Posts Tagged ‘New Jersey’

National registry of police misconduct

June 15, 2020

One of the proposals currently being discussed is the creation of a national database or clearinghouse of information on officers who have been fired or allowed to resign due to misconduct. The registry would contain more detailed information than the existing National Decertification Index, allowing agencies to better screen applicants who previously worked for another police department. This article notes that the idea has been suggested before but has never gotten far in Congress, mainly because of opposition from police unions. Also, implementation would likely to be challenging, since “You’ve got 50 different states with 50 different systems, you’ve got different definitions and different standards” reflecting the fact that governance of policing in the U.S. has traditionally been a state and local responsibility.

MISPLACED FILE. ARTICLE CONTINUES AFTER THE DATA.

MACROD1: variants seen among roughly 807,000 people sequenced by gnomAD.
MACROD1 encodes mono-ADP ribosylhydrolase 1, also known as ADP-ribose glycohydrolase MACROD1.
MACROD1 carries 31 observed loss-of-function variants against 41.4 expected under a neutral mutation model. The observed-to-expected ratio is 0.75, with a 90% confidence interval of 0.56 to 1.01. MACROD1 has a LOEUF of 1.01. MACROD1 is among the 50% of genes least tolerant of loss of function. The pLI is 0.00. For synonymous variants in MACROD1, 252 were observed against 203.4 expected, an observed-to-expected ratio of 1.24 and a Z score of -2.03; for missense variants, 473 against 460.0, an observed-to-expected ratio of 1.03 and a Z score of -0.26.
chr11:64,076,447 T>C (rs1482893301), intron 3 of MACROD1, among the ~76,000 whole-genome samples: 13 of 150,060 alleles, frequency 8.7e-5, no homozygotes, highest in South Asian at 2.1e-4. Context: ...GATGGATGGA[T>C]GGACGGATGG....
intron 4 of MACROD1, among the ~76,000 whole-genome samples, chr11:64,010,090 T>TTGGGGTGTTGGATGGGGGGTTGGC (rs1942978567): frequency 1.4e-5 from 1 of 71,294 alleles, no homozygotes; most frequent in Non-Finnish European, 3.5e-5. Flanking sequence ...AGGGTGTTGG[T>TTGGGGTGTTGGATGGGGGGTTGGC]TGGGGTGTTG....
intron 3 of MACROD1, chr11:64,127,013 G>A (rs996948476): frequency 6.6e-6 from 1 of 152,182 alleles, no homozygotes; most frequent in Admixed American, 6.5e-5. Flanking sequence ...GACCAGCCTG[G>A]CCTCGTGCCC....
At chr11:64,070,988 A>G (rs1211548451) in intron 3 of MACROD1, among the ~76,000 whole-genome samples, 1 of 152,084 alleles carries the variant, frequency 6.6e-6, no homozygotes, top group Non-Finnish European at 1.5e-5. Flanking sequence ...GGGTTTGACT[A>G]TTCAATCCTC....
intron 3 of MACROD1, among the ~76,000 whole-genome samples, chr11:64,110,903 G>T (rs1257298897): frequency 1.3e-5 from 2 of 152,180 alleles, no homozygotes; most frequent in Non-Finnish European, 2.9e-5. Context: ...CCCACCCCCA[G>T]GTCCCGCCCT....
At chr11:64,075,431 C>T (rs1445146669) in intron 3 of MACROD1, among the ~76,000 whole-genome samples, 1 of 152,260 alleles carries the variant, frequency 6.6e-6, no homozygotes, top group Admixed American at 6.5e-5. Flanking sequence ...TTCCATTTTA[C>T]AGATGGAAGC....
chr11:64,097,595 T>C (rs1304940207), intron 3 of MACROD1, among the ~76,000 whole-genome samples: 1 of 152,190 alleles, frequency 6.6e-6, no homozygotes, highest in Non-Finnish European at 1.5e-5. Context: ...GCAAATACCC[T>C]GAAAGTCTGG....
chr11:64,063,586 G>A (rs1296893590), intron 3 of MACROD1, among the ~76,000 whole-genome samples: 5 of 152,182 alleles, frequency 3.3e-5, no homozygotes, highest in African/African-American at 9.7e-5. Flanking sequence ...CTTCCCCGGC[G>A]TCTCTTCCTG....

Pandemic trends in crime and calls for service

May 22, 2020

Jurisdictions are experiencing a variety of trends associated with the virus pandemic. Jersey City reports an increase in street violence and is on pace to seize 50% more illegal guns compared to last year. Year-to-date homicides in Milwaukee are more than double the number from 2019, with 40% linked to family violence. Honolulu police have re-arrested 47 people who had gotten COVID-related jail releases; new charges have included “robbery, assault, burglary,  … smashing the windshield of a car while people were inside, sexual assault and theft.” Nationally, reports of child cyber abuse in April were up 4-fold compared to last April. Calls for mental health and wellness checks are up by 1/3 in Utah County, Utah since February 1st.

Policing social distance